Newsdash Insight on Plan Design & Investment Strategy from PLANSPONSOR
August 3rd, 2017
Benefits & Administration
Record Balances May Skew DC Accounts Towards Equity
Fidelity found 40% of retirement plan participants who managed their own 401(k) asset allocation had a stock allocation in their 401(k) that was higher than recommended, up from 38% in Q2 2016.Read more >
Employers Plan to Step Up Health Benefit Cost Management
Employers are pursuing a wider array of approaches to reduce health care cost and risk—both through improved program efficiencies and members’ health engagement, Willis Towers Watson finds.Read more >
EARN Act Clears Senate Finance Committee
Plaintiffs Rebuffed by Appeals Court in Active Management Lawsuit
State Bill Would Require Multiple 403(b) Providers
Plan Design, Education Can Help Limit Participant Loans
Educating retirement plan participants about the consequences of taking loans from their account balance, as well as a few plan design changes, can limit the amount of loans taken, IFEBP says.Read more >
Sound Education Needed to Increase Retirement Savings Contributions
In order to secure a comfortable retirement, Americans now must save between 11% and 18% of their annual income, according to study by the International Longevity Centre-UK (ILC), supported by Prudential. Sound education, as well as plan design, can drive this behavior, the ILC says.Read more >
Market Mirror

Wednesday, the Dow closed 52.32 points (0.24%) higher at 22,016.24, the NASDAQ was virtually unchanged at 6,362.65, and the S&P 500 increased by 1.22 (0.05%) to 2,477.57. The Russell 2000 lost 15.42 points (1.08%) to finish at 1,412.90, and the Wilshire 5000 decreased 23.65 points (0.09%) to 25,731.93.

The price of the 10-year Treasury note was down 3/32, increasing its yield to 2.265%. The price of the 30-year Treasury bond was up 5/32, decreasing its yield to 2.852%.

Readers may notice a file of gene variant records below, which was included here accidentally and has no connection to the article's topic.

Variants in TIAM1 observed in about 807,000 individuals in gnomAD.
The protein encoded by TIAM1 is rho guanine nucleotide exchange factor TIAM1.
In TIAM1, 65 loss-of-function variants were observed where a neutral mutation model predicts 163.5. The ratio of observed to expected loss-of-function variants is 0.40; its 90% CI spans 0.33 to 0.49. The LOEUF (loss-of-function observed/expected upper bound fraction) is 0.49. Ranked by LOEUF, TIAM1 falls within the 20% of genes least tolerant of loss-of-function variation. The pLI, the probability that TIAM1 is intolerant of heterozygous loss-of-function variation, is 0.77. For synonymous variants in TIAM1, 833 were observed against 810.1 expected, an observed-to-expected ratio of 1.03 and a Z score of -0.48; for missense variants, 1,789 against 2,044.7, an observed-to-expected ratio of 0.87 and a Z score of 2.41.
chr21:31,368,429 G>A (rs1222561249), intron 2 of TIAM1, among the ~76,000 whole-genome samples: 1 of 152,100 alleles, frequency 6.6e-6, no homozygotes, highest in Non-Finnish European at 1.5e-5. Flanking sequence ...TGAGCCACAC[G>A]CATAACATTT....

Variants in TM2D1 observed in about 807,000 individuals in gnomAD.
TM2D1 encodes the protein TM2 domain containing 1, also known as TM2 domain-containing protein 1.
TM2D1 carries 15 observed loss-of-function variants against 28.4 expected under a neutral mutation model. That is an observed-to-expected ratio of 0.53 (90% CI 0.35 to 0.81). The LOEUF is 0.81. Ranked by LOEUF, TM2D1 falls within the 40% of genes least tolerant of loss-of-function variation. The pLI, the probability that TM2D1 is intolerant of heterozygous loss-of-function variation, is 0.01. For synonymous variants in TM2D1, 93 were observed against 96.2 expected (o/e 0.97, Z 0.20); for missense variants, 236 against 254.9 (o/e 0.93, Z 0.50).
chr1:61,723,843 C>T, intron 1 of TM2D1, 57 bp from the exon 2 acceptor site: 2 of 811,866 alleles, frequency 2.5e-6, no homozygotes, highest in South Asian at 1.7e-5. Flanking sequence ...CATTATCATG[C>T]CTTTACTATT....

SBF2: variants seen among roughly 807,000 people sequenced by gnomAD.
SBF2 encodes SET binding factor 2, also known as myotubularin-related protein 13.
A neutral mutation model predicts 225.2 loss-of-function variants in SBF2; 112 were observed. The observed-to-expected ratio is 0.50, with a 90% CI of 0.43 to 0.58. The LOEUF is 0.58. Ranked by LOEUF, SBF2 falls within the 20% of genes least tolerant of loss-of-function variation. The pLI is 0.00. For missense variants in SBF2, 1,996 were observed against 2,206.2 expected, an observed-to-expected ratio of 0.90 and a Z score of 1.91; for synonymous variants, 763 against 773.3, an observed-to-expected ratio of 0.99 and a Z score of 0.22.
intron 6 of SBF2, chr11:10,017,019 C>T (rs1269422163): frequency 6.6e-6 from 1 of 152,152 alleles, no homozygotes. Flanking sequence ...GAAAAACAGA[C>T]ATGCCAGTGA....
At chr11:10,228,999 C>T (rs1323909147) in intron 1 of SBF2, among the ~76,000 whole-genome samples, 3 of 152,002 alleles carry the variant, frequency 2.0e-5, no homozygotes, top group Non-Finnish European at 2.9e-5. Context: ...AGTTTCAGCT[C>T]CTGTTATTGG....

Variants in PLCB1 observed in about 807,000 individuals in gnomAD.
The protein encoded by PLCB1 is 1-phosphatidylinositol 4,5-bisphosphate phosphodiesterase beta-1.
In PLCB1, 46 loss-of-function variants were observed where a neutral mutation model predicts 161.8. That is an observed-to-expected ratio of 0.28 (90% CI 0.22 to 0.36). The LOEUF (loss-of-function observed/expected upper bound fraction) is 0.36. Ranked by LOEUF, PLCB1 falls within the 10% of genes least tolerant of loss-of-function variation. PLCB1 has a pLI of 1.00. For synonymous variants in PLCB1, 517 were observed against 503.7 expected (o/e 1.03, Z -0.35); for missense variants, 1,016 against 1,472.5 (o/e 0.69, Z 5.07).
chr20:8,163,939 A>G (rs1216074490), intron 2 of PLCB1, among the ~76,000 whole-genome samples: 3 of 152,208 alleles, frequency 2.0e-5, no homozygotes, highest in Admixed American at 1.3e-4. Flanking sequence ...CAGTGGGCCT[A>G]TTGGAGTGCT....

Fiduciary Rule May Force Plan Advisers Away From Portfolio Management
“The DOL conflict of interest rule poses risk to a firm if [practice leaders] knowingly allow advisers to manage underperforming portfolios for clients when a better-performing portfolio with a similar risk level is available from the home office,” Cerulli’s Tom O’Shea warns.Read more >
Company Stock, Stable Value Funds Lose Participant Assets in May and June
On average, 0.013% of participant 401(k) balances traded each day in May and June, the lightest trading months of the year, according to the Alight Solutions 401(k) Index, formerly the Aon Hewitt 401(k) Index. However, when participants did trade, they favored equities.Read more >
Small Talk
ON THIS DATE: In 1492, Christopher Columbus left Palos, Spain with three ships. The voyage led him to what is now known as the Americas. In 1900, Firestone Tire & Rubber Co. was founded. In 1923, Calvin Coolidge was sworn in as the 30th president of the U.S. after the sudden death of President Warren Harding. In 1936, Jesse Owens won the first of his four Olympic gold medals. In 1949, the National Basketball Association (NBA) was formed. The league was formed by the merger between the Basketball Association of America and the National Basketball League. In 1958, the Nautilus became the first vessel to cross the North Pole underwater. The mission was known as “Operation Sunshine.” In 1981, U.S. traffic controllers with PATCO, the Professional Air Traffic Controllers Organization, went on strike. They were fired just as U.S. President Ronald Reagan had warned. In 1984, Mary Lou Retton won a gold medal at the Los Angeles Summer Olympics. In 1990, thousands of Iraqi troops pushed within a few miles of the border of Saudi Arabia. This heightened world concerns that the invasion of Kuwait could spread. In 1992, the Senate voted to restrict and eventually end the testing of nuclear weapons. In 1995, Eyad Ismoil was flown from Jordan to the U.S. to face charges that he had driven the van that blew up in New York’s World Trade Center. In 2004, in New York, the Statue of Liberty re-opened to the public. The site had been closed since the terrorist attacks on the U.S. on September 11, 2001.
SURVEY SAYS: We covered a survey that found 71% of U.S. workers say they would not apply to a company experiencing negative press; however, only 6% of workers have left a company due to negative press. This week, I’d like to know, would you leave your company if it was experiencing negative press, and how important is your firm’s reputation to your job satisfaction? You may respond to this week’s survey by 6 p.m. Pacific time today.Read more >
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Editorial: Alison Cooke Mintzer


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